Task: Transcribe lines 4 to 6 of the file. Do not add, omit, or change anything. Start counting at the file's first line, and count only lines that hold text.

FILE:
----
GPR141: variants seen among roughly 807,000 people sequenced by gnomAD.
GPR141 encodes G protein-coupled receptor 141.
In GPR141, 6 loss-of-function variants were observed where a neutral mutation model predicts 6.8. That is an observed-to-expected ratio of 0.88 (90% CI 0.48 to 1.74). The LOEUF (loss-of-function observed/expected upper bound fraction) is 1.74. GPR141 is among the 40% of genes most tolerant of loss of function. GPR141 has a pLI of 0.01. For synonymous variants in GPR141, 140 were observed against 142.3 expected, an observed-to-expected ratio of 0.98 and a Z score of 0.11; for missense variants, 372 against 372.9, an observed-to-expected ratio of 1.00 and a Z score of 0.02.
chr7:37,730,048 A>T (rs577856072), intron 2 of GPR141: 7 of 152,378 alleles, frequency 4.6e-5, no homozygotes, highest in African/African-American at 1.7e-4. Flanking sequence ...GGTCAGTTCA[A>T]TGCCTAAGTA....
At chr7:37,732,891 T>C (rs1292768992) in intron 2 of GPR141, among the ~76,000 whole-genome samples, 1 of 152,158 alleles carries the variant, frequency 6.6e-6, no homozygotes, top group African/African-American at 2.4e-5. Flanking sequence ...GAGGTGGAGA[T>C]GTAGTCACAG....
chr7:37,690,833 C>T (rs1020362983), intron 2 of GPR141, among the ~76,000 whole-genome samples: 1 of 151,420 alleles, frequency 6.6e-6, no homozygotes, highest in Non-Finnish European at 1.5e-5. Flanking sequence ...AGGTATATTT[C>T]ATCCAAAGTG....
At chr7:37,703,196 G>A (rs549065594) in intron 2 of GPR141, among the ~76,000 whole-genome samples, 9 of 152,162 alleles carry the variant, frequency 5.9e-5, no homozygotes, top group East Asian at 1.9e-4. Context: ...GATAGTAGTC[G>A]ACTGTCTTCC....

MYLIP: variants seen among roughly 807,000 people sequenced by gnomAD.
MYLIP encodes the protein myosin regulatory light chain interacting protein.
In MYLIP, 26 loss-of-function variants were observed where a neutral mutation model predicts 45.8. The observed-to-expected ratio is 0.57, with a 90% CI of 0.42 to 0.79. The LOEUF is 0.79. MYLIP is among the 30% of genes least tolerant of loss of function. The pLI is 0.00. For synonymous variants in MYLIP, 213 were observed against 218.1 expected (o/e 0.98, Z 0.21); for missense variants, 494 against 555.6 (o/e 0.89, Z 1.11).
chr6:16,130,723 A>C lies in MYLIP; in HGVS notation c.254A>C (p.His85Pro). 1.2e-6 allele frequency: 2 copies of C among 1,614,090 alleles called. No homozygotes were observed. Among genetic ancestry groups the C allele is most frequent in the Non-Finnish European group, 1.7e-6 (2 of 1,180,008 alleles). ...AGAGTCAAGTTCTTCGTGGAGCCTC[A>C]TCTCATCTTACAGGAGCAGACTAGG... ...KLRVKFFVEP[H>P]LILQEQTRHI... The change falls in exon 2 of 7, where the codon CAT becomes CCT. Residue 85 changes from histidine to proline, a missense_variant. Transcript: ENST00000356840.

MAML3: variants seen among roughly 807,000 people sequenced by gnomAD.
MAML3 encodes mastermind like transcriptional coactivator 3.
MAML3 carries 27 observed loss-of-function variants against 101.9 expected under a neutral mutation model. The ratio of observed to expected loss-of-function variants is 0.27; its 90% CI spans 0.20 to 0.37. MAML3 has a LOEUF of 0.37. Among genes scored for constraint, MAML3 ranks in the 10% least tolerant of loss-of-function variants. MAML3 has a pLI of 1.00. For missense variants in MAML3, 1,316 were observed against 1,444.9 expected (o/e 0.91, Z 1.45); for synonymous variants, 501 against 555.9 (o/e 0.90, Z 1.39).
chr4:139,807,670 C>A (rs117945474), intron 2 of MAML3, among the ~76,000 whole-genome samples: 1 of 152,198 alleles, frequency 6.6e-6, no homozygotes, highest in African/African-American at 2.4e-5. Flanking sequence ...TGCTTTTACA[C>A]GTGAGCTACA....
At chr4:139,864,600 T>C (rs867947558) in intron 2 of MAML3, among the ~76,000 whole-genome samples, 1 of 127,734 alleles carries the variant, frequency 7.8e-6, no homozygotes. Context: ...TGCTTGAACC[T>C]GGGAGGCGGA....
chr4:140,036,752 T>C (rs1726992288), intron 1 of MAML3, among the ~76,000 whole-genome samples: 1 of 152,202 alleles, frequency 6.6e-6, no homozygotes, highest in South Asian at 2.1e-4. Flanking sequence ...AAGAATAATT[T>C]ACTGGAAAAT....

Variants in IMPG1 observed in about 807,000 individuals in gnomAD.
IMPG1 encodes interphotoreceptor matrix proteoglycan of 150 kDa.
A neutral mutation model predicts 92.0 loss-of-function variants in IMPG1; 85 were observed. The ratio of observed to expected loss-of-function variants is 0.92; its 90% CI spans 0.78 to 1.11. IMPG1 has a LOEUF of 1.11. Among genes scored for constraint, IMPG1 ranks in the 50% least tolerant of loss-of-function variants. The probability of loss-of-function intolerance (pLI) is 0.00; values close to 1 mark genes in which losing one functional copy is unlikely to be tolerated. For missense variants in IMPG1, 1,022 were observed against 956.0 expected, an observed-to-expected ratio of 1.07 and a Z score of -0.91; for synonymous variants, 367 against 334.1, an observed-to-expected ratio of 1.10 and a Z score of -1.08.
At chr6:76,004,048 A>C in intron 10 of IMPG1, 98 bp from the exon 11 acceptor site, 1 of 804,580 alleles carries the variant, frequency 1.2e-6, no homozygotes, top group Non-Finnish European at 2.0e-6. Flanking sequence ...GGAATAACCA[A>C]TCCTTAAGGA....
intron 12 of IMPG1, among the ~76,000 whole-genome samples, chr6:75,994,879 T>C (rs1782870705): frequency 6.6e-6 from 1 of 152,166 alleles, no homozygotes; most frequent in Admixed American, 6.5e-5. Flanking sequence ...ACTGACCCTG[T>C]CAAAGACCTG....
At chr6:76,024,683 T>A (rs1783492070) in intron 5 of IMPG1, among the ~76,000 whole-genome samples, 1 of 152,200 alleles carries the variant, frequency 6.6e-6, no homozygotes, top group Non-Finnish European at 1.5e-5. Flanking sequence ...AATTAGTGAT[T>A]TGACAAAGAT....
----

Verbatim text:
chr7:37,730,048 A>T (rs577856072), intron 2 of GPR141: 7 of 152,378 alleles, frequency 4.6e-5, no homozygotes, highest in African/African-American at 1.7e-4. Flanking sequence ...GGTCAGTTCA[A>T]TGCCTAAGTA....
At chr7:37,732,891 T>C (rs1292768992) in intron 2 of GPR141, among the ~76,000 whole-genome samples, 1 of 152,158 alleles carries the variant, frequency 6.6e-6, no homozygotes, top group African/African-American at 2.4e-5. Flanking sequence ...GAGGTGGAGA[T>C]GTAGTCACAG....
chr7:37,690,833 C>T (rs1020362983), intron 2 of GPR141, among the ~76,000 whole-genome samples: 1 of 151,420 alleles, frequency 6.6e-6, no homozygotes, highest in Non-Finnish European at 1.5e-5. Flanking sequence ...AGGTATATTT[C>T]ATCCAAAGTG....